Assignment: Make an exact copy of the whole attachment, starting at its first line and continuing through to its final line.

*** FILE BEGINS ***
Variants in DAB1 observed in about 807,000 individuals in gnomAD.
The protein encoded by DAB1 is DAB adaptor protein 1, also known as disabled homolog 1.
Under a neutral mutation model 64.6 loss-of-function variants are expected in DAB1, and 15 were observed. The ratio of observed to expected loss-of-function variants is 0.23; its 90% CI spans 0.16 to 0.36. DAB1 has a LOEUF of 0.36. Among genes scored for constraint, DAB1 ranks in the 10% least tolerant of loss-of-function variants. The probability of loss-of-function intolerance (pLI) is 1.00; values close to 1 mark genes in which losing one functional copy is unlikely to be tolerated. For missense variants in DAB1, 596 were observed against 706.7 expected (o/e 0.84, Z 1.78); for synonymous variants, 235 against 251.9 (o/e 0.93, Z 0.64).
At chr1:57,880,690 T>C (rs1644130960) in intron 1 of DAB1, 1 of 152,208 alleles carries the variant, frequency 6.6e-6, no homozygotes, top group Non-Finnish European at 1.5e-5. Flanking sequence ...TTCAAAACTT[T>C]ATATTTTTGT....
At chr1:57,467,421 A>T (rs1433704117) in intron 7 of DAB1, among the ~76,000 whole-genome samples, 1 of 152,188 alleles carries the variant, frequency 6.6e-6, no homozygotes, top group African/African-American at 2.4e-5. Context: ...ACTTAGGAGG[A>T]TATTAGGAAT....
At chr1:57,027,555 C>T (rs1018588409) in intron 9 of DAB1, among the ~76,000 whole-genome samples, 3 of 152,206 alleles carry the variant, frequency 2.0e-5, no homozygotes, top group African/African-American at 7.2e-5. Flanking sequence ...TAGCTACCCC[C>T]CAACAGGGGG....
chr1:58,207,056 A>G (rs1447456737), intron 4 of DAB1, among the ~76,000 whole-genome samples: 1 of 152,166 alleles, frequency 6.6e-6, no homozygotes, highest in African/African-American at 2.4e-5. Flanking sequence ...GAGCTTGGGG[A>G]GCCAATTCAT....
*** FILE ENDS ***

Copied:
Variants in DAB1 observed in about 807,000 individuals in gnomAD.
The protein encoded by DAB1 is DAB adaptor protein 1, also known as disabled homolog 1.
Under a neutral mutation model 64.6 loss-of-function variants are expected in DAB1, and 15 were observed. The ratio of observed to expected loss-of-function variants is 0.23; its 90% CI spans 0.16 to 0.36. DAB1 has a LOEUF of 0.36. Among genes scored for constraint, DAB1 ranks in the 10% least tolerant of loss-of-function variants. The probability of loss-of-function intolerance (pLI) is 1.00; values close to 1 mark genes in which losing one functional copy is unlikely to be tolerated. For missense variants in DAB1, 596 were observed against 706.7 expected (o/e 0.84, Z 1.78); for synonymous variants, 235 against 251.9 (o/e 0.93, Z 0.64).
At chr1:57,880,690 T>C (rs1644130960) in intron 1 of DAB1, 1 of 152,208 alleles carries the variant, frequency 6.6e-6, no homozygotes, top group Non-Finnish European at 1.5e-5. Flanking sequence ...TTCAAAACTT[T>C]ATATTTTTGT....
At chr1:57,467,421 A>T (rs1433704117) in intron 7 of DAB1, among the ~76,000 whole-genome samples, 1 of 152,188 alleles carries the variant, frequency 6.6e-6, no homozygotes, top group African/African-American at 2.4e-5. Context: ...ACTTAGGAGG[A>T]TATTAGGAAT....
At chr1:57,027,555 C>T (rs1018588409) in intron 9 of DAB1, among the ~76,000 whole-genome samples, 3 of 152,206 alleles carry the variant, frequency 2.0e-5, no homozygotes, top group African/African-American at 7.2e-5. Flanking sequence ...TAGCTACCCC[C>T]CAACAGGGGG....
chr1:58,207,056 A>G (rs1447456737), intron 4 of DAB1, among the ~76,000 whole-genome samples: 1 of 152,166 alleles, frequency 6.6e-6, no homozygotes, highest in African/African-American at 2.4e-5. Flanking sequence ...GAGCTTGGGG[A>G]GCCAATTCAT....